Why aren't Firebird bodies flush?

Discussion in 'Other Guitars, other instruments' started by thesamhill, Sep 28, 2020.

  1. schmee

    schmee Doctor of Teleocity Silver Supporter

    Jun 2, 2003
    My guess is they need the center thickness for pickup cavities etc but wanted to save weight. Aesthetic too. I always thought they should be mirror image with the longer lower bout on the top instead of bottom.
  2. 24 track

    24 track Doctor of Teleocity Ad Free Member

    Nov 6, 2014
    kamloops bc
    firebirds were part of the gibson moderne line , with the moderne, explorer, flying V's, firebirds etc in the late 50's early 60's
    the firebird was pushed to compete with the jags and jazzmasters from fender, , a light weight neck through experiment that caught on , this one guitar that doesnt look stupid when played left handed but a compensating bridge is neededto pull the E-1 into intonation, I have a white epi LTD edition with mini humbuckers , a fun guitar to play

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    Last edited: Sep 28, 2020
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  3. bftfender

    bftfender Poster Extraordinaire

    Dec 21, 2017
    York PA
    very easy to play guitar, right strap & away ya go.. 5150rig.jpg
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  4. telemnemonics

    telemnemonics Telefied Ad Free Member

    Mar 2, 2010
    Well it's funny how the history of the guitar in music went:

    The first centuries had it used to play single note melodies quite a lot, looking back to the lute, maybe including the oud, and then the Spanish Guitar.
    Remember that at the beginning of the 20th C we had no electrics or archtops, just the flat top Spanish guitar, which Gibson adopted the name of in their line of Electric Spanish AKA ES 175, ES 335 etc.

    But after centuries of guitar playing as much melody as rhythm, American music moved it more into rhythm duties and in Jazz is was almost always strummed, so your suggestion that raising the strings higher off the body sort of fits.

    As much as player convenience though it was actually designed to get more volume from the guitar as bigger bands with louder instruments drowned out the guitar, and the archtop design borrowed from the violin family was used for a while to hammer out loud enough rhythm guitar.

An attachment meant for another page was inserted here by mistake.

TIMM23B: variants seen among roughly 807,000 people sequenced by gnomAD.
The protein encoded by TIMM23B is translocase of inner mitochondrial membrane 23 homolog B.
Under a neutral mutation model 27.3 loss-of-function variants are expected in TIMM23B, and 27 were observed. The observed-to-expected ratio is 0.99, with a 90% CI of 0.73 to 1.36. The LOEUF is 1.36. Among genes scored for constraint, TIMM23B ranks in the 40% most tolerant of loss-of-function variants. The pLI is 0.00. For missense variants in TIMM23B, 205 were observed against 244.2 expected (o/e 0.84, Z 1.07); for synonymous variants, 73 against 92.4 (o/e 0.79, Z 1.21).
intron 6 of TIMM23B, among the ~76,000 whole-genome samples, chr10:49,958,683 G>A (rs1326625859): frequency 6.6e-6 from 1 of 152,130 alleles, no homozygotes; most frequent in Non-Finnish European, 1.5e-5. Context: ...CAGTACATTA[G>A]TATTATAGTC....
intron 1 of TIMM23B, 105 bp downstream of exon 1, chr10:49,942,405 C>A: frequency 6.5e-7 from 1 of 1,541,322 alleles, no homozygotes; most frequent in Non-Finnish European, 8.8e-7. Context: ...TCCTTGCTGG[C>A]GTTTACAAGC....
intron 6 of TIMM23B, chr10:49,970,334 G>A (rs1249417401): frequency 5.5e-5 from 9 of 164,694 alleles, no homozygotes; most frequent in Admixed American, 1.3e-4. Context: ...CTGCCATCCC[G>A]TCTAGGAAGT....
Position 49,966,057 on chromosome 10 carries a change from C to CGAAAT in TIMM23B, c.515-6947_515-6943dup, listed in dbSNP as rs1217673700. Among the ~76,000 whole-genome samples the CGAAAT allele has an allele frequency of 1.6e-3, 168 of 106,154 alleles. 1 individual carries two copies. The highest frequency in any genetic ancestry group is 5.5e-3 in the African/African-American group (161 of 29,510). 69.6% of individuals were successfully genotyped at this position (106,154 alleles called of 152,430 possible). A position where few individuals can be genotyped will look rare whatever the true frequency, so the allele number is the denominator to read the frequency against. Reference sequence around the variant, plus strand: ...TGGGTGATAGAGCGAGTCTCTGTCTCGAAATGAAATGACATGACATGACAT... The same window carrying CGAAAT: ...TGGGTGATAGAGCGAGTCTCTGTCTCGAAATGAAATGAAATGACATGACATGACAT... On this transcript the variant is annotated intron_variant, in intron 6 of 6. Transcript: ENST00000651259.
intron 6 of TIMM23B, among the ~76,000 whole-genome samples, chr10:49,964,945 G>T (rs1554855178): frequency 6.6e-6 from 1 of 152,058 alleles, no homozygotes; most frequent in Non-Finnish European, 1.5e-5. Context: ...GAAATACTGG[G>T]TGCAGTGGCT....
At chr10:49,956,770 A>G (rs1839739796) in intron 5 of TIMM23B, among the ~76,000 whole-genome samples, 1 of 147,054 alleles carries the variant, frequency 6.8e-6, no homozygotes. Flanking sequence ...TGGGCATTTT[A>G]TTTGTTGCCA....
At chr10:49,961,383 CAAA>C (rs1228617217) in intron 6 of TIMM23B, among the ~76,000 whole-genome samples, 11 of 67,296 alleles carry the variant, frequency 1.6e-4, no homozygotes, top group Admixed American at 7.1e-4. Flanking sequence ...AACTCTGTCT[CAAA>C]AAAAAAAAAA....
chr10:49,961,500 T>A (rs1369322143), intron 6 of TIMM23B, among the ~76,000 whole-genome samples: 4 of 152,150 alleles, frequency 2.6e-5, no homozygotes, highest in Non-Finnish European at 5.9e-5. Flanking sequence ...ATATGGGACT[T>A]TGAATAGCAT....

Making hollow body electrics was in a way cost cutting in the engineering department.
    As amps got bigger those hollow bodies pretty much sucked, with feedback making them poor tools for getting audible melody lines like the lute, the oud, and the Spanish guitar had done for a couple hundred years.

    Finally Mr Bigsby devised a better tool, and did not do it to cut cost.
    Leo was focused on affordability of pro gear, but the design was based on superior function.

    Continuing to make sort of fake archtops with solid bodies is more anachronism for old guys than a deluxe design for better function.
    Many players including me, follow the top as a reference point for our picking hand when playing more complex passages without looking at the guitar.
    Adding a plastic shelf supposedly to protect the finish is a half hearted solution that helps those of us who use the top as a reference point.

    The string bass has no such guard, and good ones cost $100,000!
    It does retain the arch, but that's essential to the acoustic design.
    Veitchy, thesamhill and 24 track like this.
  5. thesamhill

    thesamhill Tele-Afflicted

    Dec 20, 2010
    Harrisburg, PA area
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